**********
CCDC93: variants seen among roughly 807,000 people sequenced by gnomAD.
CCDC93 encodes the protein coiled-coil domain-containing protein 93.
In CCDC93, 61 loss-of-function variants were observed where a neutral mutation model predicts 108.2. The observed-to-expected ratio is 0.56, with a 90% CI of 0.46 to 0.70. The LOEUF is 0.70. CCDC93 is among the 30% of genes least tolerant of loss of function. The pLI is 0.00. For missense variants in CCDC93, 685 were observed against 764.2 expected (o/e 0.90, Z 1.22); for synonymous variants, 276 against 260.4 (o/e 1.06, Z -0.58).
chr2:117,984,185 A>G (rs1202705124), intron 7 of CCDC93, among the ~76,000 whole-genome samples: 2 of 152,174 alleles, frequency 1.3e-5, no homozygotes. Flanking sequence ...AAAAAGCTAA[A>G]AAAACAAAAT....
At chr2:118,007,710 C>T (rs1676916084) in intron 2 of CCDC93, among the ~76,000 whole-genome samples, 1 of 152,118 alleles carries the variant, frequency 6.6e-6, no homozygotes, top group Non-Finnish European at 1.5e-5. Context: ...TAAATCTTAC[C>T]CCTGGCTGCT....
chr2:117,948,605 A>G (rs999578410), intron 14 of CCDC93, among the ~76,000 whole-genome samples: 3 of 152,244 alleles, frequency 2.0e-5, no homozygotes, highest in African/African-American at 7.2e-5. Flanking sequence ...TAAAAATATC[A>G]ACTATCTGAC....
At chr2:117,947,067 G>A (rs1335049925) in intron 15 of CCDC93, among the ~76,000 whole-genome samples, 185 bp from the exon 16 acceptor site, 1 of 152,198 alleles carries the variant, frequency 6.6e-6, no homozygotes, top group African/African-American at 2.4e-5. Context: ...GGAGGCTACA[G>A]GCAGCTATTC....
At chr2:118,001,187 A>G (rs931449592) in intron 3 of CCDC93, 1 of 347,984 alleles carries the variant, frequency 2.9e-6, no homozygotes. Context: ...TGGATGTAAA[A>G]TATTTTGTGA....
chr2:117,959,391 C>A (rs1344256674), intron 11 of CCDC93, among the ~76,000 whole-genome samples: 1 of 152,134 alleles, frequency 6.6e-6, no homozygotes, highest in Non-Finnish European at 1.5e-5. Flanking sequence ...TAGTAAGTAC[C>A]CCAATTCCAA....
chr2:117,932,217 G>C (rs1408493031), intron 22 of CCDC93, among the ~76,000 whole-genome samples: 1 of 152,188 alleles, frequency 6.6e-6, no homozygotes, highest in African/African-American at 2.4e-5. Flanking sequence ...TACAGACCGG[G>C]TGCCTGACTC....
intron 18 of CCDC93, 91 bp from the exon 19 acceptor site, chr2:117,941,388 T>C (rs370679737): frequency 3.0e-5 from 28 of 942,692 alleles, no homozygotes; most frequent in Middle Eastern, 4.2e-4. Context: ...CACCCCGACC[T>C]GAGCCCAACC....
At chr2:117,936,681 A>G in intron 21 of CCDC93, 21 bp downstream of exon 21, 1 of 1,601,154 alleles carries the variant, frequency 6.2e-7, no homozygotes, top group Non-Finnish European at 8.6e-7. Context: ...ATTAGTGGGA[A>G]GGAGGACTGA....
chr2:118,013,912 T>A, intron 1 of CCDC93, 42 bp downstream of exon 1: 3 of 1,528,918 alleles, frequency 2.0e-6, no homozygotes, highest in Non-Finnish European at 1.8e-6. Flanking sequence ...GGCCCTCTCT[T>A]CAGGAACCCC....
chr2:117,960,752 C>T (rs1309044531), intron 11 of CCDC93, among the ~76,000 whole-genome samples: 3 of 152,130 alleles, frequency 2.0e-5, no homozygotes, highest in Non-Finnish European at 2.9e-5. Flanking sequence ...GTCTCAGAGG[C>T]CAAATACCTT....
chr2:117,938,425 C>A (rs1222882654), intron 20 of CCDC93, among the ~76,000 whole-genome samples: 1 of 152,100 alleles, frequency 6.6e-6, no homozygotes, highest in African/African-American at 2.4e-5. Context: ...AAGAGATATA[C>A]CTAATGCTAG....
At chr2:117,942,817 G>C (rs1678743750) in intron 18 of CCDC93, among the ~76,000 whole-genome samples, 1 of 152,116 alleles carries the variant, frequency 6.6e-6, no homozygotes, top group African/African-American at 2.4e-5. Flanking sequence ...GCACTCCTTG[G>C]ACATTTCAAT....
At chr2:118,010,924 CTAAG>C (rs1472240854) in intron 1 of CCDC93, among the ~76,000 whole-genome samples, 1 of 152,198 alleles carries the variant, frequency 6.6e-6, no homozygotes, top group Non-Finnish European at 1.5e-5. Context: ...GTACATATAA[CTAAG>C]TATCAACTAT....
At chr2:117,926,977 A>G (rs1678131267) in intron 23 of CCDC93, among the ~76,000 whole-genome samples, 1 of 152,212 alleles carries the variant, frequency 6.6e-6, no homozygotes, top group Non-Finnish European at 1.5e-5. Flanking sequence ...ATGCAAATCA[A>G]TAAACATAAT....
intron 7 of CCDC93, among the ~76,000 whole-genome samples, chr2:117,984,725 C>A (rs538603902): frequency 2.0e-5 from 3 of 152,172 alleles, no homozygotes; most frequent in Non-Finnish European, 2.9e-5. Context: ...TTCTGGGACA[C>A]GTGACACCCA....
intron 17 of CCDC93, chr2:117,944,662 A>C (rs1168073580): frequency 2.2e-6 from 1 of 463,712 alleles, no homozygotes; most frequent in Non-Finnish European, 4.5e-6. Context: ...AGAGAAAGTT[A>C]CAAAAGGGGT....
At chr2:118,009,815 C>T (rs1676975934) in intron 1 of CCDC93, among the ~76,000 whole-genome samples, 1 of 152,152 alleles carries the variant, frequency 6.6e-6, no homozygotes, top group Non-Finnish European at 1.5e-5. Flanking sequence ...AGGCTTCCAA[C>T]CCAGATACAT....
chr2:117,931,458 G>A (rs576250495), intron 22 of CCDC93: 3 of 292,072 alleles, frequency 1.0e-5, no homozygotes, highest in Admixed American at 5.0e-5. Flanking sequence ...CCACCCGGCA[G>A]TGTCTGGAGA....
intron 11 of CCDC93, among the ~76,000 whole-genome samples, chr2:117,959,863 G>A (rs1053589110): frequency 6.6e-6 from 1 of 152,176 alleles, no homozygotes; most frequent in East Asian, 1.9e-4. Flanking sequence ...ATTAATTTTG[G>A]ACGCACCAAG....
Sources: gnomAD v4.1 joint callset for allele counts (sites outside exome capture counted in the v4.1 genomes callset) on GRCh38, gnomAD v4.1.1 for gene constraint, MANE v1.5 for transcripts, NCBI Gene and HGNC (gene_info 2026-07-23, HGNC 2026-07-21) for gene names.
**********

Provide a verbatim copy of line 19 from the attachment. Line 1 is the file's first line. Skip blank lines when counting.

intron 7 of CCDC93, among the ~76,000 whole-genome samples, chr2:117,984,725 C>A (rs538603902): frequency 2.0e-5 from 3 of 152,172 alleles, no homozygotes; most frequent in Non-Finnish European, 2.9e-5. Context: ...TTCTGGGACA[C>A]GTGACACCCA....